Meriem Collection Sale One / 646

The Meriem Collection. Lot 646

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**A VERY RARE CINNABAR-RED AND GREEN OVERLAY FLASHED PINK GLASS SNUFF
BOTTLE
1770-1830
Of compressed form with flat lip and a recessed foot surrounded by a footrim, well
carved with a continuous scene of twelve magpies in flight or perched amidst the
blossoming branches of a gnarled prunus tree rising from the oval footrim, the blossoms
carved from the cinnabar-red overlay in contrast to the dark green birds and branches
reserved on the transparent flashed-pink ground, carnelian stopper with vinyl collar
6.4 cm. high
$16,000-20,000

P R O V E N A N C E :
Hugh Moss Ltd.
E X H I B I T E D :
Canadian Craft Museum, Vancouver, 1992.

This bottle is a very rare example of Chinese flashed glass, where a thin layer of color is added to
the colorless glass, giving the impression that the entire ground is monochrome pink. See
Christie’s, Hong Kong, 1 November 1994, lot 1215 for another example of a flashed reddish-pink
glass snuff bottle. This rarely-used technique was usually confined to monochrome wares, nearly
always of ruby-red color. It is extremely rare to find it as the ground for a cameo overlay carving,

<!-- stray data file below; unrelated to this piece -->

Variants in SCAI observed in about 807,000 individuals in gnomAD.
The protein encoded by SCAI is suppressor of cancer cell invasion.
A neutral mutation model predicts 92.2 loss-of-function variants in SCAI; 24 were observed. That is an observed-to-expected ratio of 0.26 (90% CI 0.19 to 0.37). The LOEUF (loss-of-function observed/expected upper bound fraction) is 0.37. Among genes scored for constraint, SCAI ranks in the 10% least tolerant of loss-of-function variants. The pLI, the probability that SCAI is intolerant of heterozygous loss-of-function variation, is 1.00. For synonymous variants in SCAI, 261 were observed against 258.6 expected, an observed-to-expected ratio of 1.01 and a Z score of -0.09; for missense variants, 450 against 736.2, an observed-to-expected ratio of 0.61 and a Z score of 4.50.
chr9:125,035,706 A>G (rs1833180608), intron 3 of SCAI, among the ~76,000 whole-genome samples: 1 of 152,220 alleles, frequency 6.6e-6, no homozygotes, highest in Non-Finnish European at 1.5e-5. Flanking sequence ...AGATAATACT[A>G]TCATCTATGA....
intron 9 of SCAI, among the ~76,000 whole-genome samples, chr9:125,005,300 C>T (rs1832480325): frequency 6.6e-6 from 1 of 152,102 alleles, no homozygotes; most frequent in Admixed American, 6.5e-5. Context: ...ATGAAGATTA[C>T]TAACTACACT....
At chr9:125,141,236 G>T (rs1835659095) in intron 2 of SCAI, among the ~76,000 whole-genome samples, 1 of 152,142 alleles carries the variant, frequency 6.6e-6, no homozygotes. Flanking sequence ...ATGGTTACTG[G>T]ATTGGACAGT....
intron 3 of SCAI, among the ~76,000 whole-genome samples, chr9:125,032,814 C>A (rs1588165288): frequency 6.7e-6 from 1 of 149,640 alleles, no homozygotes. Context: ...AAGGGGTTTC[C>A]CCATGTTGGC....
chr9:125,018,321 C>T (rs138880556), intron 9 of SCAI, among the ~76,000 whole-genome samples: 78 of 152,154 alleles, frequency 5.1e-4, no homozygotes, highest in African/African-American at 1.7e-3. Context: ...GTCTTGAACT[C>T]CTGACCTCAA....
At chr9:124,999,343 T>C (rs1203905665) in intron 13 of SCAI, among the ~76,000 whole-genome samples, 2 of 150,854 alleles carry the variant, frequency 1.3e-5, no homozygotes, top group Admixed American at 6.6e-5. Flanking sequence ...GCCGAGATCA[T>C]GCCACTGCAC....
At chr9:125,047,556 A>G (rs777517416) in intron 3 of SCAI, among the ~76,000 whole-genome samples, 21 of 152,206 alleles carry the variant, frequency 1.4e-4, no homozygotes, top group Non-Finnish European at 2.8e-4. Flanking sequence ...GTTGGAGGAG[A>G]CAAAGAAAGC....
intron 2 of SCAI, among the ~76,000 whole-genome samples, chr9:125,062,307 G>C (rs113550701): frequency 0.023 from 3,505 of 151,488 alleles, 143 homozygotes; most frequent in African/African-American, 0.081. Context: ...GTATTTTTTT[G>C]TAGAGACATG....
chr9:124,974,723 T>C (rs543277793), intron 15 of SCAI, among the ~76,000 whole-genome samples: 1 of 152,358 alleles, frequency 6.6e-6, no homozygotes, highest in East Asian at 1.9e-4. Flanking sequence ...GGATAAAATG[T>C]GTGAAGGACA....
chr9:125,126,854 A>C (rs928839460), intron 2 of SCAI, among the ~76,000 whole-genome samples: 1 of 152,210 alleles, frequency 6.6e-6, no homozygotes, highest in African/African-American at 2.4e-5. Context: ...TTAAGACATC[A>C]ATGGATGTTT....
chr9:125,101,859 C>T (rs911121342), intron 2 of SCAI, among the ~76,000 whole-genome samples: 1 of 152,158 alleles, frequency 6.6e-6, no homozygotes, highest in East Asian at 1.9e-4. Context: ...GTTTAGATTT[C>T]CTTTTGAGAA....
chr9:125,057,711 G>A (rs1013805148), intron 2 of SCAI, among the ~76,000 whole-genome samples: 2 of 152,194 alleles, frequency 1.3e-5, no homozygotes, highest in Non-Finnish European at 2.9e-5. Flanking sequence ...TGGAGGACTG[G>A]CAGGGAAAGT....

and its combination with this rare double overlay with cinnabar-red on green appears to be unique.

This combination of opaque cinnabar-red and transparent green as a double overlay is found on
snuff bottles attributed to the Li Junting school in the mid-Qing period (see Moss, Graham, Tsang,
A Treasury of Chinese Snuff Bottles, Vol. 5, Glass, nos. 1012-14 for Li-school bottles, where nos.
1012-14 and 1017 have red-on-green overlay on various colored grounds).

The prunus and bird motif was also popular in the late Qianlong period; for two examples on
a yellow ground, see M. Hughes, The Blair Bequest. Chinese Snuff Bottles from the Princeton
University Art Museum, pp. 124-5, nos. 144 and 146. Another example with red overlay on a
bubble-suffused ground is illustrated by Moss, Graham, Tsang, op. cit., no. 896. Magpies and
prunus form a rebus for happiness, and when twelve magpies are shown, it is a wish for happiness
during all twelve months of the year.
1770–1830

The Meriem Collection. Lot 646

Hugh Moss |